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Thursday, November 13, 2014

Linda Greenhouse, "Law in the Raw": Slaw Through a Straw

And in the aftermath of Paul Krugman's inane opinion piece on Monday, we are blessed with yet another "objective" analysis from the op-ed page of The New York Times concerning the Affordable Care Act. In a Times opinion piece entitled "Law in the Raw," Linda Greenhouse writes of the US Supreme Court decision to grant certiorari in the case of King v. Burwell:

"These two provisions, part of a 900-page statute that was cobbled together without going through the usual House-Senate conference committee in which it might have been cleaned up, are the source of the confusion. The answer to the problem, as the Fourth Circuit panel found unanimously in the King case, is obvious. It’s a basic principle of administrative law that when a federal statute is ambiguous, courts defer to the agency’s interpretation — here, the I.R.S. regulation that makes the tax credits available without regard to whether the exchange is state or federal."

Okay, but is the Affordable Care Act "ambiguous"? John Steele Gordon's article in Commentary entitled "Paul Krugman at It Again" provides powerful evidence that the statute says exactly what it intended to say:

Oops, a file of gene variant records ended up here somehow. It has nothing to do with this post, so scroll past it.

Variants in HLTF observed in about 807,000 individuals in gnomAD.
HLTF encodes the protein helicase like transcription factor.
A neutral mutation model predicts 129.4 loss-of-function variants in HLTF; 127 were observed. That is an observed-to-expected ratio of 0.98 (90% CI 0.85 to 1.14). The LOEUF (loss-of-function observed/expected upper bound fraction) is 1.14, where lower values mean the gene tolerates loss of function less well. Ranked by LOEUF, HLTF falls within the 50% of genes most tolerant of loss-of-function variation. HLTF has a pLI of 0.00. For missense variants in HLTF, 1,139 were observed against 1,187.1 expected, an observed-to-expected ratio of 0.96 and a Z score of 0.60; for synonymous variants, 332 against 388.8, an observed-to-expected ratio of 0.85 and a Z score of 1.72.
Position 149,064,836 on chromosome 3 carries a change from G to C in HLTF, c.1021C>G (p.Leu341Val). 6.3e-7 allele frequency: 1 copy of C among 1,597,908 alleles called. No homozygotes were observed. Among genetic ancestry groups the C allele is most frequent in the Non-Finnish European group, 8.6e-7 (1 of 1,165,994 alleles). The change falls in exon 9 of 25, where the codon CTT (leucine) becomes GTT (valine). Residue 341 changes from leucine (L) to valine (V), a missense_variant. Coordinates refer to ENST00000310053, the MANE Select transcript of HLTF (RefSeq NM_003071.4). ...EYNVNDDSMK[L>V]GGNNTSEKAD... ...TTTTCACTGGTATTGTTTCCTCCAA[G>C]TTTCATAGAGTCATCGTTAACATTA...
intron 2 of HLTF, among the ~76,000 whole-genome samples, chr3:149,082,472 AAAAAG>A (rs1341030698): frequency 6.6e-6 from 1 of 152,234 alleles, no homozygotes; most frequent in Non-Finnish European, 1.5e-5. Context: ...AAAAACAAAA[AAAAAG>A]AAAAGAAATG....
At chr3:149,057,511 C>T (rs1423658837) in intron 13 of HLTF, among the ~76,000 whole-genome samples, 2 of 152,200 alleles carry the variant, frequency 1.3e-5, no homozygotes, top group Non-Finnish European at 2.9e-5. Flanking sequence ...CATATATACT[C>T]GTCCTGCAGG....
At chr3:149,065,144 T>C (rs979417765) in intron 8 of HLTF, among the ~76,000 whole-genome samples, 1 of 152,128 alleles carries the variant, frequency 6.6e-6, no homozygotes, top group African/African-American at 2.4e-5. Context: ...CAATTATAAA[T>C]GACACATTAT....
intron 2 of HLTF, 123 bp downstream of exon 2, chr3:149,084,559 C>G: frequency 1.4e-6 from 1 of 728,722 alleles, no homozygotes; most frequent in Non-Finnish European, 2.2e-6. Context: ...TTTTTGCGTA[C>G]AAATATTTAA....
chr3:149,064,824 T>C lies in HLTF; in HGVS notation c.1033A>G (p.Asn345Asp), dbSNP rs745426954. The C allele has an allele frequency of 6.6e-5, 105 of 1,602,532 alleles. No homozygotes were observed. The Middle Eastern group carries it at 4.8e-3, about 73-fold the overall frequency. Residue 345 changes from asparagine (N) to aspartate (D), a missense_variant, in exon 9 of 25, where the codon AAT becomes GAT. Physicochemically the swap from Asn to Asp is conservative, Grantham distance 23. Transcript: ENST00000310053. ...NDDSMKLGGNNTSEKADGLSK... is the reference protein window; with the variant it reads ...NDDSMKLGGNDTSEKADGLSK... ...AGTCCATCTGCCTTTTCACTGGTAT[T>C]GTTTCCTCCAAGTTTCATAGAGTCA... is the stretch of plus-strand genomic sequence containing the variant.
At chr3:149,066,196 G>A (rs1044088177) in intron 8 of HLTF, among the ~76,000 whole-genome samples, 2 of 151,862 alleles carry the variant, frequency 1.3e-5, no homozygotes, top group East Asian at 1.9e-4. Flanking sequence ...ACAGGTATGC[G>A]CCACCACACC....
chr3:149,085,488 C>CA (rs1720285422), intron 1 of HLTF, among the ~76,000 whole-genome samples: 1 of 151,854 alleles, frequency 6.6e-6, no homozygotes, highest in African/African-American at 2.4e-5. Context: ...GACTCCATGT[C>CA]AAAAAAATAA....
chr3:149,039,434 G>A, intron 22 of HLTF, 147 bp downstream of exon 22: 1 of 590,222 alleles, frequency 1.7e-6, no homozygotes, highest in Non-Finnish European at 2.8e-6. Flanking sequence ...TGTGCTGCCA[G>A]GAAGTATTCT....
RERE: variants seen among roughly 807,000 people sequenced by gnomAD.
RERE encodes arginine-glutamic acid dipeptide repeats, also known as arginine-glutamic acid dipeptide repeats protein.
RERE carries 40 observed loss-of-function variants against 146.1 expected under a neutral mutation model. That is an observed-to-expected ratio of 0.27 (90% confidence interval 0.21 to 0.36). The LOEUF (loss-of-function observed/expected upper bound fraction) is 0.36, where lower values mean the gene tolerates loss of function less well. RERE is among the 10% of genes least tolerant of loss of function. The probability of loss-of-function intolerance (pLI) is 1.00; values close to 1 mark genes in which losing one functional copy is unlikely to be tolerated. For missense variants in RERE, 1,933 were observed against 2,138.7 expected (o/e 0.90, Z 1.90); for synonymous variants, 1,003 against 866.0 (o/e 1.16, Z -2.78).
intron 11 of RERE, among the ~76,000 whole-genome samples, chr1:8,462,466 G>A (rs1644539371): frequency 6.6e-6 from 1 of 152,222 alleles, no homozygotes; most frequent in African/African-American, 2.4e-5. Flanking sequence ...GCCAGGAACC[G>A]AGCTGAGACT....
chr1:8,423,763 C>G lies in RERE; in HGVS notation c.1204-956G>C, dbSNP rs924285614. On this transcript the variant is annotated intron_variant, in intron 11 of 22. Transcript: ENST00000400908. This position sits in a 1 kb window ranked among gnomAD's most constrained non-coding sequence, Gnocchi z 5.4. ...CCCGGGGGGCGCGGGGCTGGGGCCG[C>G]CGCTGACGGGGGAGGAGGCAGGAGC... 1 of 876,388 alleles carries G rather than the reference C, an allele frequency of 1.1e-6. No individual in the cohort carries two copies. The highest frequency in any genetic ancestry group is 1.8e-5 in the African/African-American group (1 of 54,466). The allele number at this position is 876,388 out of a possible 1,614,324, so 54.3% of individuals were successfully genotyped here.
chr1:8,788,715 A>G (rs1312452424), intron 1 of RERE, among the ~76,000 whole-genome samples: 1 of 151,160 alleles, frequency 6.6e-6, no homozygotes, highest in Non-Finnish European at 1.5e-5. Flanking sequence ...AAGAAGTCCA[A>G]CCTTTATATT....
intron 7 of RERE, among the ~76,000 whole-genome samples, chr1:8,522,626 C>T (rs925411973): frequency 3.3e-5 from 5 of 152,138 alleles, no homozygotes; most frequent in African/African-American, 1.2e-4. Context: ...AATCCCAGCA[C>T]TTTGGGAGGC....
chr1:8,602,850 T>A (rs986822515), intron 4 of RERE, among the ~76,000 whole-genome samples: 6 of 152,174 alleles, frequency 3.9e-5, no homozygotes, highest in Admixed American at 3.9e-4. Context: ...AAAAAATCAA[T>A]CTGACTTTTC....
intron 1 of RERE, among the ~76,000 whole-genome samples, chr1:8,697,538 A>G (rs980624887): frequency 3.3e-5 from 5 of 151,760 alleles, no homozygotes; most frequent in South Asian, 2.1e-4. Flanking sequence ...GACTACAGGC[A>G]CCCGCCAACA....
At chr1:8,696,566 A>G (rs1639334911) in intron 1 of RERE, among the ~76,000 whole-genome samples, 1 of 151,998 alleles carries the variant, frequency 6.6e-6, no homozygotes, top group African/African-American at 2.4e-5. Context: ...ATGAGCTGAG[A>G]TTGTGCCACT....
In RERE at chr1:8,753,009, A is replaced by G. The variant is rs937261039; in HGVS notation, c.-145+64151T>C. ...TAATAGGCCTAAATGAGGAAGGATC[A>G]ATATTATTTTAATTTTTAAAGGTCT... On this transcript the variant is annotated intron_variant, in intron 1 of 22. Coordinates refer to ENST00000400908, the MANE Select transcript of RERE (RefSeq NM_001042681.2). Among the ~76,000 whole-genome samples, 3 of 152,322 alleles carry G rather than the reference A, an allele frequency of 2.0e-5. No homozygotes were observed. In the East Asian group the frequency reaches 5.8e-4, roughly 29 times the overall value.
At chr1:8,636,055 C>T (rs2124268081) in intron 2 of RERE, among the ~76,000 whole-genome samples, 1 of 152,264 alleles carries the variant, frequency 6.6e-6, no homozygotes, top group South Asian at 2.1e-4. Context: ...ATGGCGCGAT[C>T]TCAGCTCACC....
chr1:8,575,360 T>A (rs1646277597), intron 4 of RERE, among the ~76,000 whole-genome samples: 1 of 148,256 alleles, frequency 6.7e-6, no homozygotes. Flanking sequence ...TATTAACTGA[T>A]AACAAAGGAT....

"[Krugman] writes, 'you can ask the people who drafted the law what they intended, and it wasn’t what the plaintiffs claim.'

OK, let’s do that and ask Jonathan Gruber, one of the main architects of ObamaCare. In 2012, long before this controversy arose, he was asked at a public forum about subsidies being limited to the exchanges set up by the states. He says that limiting the subsidies to state exchanges was entirely on purpose, in order to coerce the states into setting up the exchanges. 'I think what’s important to remember politically about this,' he says, 'is if you’re a state and you don’t set up an exchange, that means your citizens don’t get their tax credits.'"

Jonathan Gruber? Why is there not a single mention of Gruber in Greenhouse's op-ed? Just this past week we learned of MIT Professor Gruber's take on Obamacare:

"This bill was written in a tortured way to make sure CBO did not score the mandate as taxes. If CBO scored the mandate as taxes, the bill dies. Okay, so it’s written to do that. In terms of risk rated subsidies, if you had a law which said that healthy people are going to pay in – you made explicit healthy people pay in and sick people get money, it would not have passed… Lack of transparency is a huge political advantage. And basically, call it the stupidity of the American voter or whatever, but basically that was really really critical for the thing to pass… Look, I wish Mark was right that we could make it all transparent, but I’d rather have this law than not."

Obamacare was purposefully written in a "tortured way"? The "stupidity of the American voter" was "really really critical for the thing to pass"? "Lack of transparency is a huge political advantage"?

Apparently, Greenhouse thinks none of the above has anything to do with a discussion of the Affordable Care Act's "ambiguity."

Yeah, right.

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